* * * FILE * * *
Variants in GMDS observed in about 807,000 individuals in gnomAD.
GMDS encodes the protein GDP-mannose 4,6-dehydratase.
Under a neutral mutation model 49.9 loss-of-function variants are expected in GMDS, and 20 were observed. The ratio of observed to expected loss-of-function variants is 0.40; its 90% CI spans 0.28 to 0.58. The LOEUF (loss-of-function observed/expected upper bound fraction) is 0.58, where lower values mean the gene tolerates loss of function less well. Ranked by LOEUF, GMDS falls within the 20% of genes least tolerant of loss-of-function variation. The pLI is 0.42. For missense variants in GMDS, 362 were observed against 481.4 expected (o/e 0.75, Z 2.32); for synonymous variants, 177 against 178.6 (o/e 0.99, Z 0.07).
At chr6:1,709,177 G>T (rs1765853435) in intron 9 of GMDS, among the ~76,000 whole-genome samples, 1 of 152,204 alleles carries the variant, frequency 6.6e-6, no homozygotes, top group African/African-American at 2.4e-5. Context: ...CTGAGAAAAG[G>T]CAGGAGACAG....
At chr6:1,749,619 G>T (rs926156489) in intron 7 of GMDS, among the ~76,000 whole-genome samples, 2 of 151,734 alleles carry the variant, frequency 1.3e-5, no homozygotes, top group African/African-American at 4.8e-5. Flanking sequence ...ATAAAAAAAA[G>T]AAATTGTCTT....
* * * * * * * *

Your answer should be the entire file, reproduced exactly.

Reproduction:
Variants in GMDS observed in about 807,000 individuals in gnomAD.
GMDS encodes the protein GDP-mannose 4,6-dehydratase.
Under a neutral mutation model 49.9 loss-of-function variants are expected in GMDS, and 20 were observed. The ratio of observed to expected loss-of-function variants is 0.40; its 90% CI spans 0.28 to 0.58. The LOEUF (loss-of-function observed/expected upper bound fraction) is 0.58, where lower values mean the gene tolerates loss of function less well. Ranked by LOEUF, GMDS falls within the 20% of genes least tolerant of loss-of-function variation. The pLI is 0.42. For missense variants in GMDS, 362 were observed against 481.4 expected (o/e 0.75, Z 2.32); for synonymous variants, 177 against 178.6 (o/e 0.99, Z 0.07).
At chr6:1,709,177 G>T (rs1765853435) in intron 9 of GMDS, among the ~76,000 whole-genome samples, 1 of 152,204 alleles carries the variant, frequency 6.6e-6, no homozygotes, top group African/African-American at 2.4e-5. Context: ...CTGAGAAAAG[G>T]CAGGAGACAG....
At chr6:1,749,619 G>T (rs926156489) in intron 7 of GMDS, among the ~76,000 whole-genome samples, 2 of 151,734 alleles carry the variant, frequency 1.3e-5, no homozygotes, top group African/African-American at 4.8e-5. Flanking sequence ...ATAAAAAAAA[G>T]AAATTGTCTT....